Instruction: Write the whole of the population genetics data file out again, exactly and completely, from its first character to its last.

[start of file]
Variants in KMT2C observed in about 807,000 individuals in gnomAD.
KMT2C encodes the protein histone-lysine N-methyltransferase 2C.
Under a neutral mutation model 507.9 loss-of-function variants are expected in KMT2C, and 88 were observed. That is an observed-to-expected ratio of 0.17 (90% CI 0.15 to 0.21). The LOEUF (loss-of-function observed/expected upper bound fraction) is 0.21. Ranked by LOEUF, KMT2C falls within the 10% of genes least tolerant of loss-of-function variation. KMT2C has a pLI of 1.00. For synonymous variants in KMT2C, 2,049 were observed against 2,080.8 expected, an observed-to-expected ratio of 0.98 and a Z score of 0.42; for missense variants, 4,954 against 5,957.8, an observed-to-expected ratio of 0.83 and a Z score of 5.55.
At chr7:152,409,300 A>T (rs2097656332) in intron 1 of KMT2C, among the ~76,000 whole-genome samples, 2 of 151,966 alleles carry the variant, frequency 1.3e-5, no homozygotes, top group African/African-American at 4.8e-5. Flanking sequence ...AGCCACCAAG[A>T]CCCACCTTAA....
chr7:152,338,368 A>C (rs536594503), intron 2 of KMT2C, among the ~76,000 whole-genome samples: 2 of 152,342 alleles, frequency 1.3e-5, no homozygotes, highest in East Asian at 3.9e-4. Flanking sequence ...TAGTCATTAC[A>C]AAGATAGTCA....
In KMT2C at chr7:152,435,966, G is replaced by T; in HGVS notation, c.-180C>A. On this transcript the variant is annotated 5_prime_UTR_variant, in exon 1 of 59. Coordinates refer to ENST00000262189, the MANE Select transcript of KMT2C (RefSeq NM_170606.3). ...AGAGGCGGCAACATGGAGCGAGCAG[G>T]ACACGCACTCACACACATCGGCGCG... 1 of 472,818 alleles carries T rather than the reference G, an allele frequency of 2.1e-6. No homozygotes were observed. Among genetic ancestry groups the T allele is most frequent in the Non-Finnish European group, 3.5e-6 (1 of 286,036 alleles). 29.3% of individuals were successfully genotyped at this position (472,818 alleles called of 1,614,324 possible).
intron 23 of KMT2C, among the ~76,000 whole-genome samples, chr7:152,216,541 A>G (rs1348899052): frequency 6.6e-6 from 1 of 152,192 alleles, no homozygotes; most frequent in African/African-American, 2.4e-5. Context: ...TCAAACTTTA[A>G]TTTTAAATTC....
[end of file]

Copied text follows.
Variants in KMT2C observed in about 807,000 individuals in gnomAD.
KMT2C encodes the protein histone-lysine N-methyltransferase 2C.
Under a neutral mutation model 507.9 loss-of-function variants are expected in KMT2C, and 88 were observed. That is an observed-to-expected ratio of 0.17 (90% CI 0.15 to 0.21). The LOEUF (loss-of-function observed/expected upper bound fraction) is 0.21. Ranked by LOEUF, KMT2C falls within the 10% of genes least tolerant of loss-of-function variation. KMT2C has a pLI of 1.00. For synonymous variants in KMT2C, 2,049 were observed against 2,080.8 expected, an observed-to-expected ratio of 0.98 and a Z score of 0.42; for missense variants, 4,954 against 5,957.8, an observed-to-expected ratio of 0.83 and a Z score of 5.55.
At chr7:152,409,300 A>T (rs2097656332) in intron 1 of KMT2C, among the ~76,000 whole-genome samples, 2 of 151,966 alleles carry the variant, frequency 1.3e-5, no homozygotes, top group African/African-American at 4.8e-5. Flanking sequence ...AGCCACCAAG[A>T]CCCACCTTAA....
chr7:152,338,368 A>C (rs536594503), intron 2 of KMT2C, among the ~76,000 whole-genome samples: 2 of 152,342 alleles, frequency 1.3e-5, no homozygotes, highest in East Asian at 3.9e-4. Flanking sequence ...TAGTCATTAC[A>C]AAGATAGTCA....
In KMT2C at chr7:152,435,966, G is replaced by T; in HGVS notation, c.-180C>A. On this transcript the variant is annotated 5_prime_UTR_variant, in exon 1 of 59. Coordinates refer to ENST00000262189, the MANE Select transcript of KMT2C (RefSeq NM_170606.3). ...AGAGGCGGCAACATGGAGCGAGCAG[G>T]ACACGCACTCACACACATCGGCGCG... 1 of 472,818 alleles carries T rather than the reference G, an allele frequency of 2.1e-6. No homozygotes were observed. Among genetic ancestry groups the T allele is most frequent in the Non-Finnish European group, 3.5e-6 (1 of 286,036 alleles). 29.3% of individuals were successfully genotyped at this position (472,818 alleles called of 1,614,324 possible).
intron 23 of KMT2C, among the ~76,000 whole-genome samples, chr7:152,216,541 A>G (rs1348899052): frequency 6.6e-6 from 1 of 152,192 alleles, no homozygotes; most frequent in African/African-American, 2.4e-5. Context: ...TCAAACTTTA[A>G]TTTTAAATTC....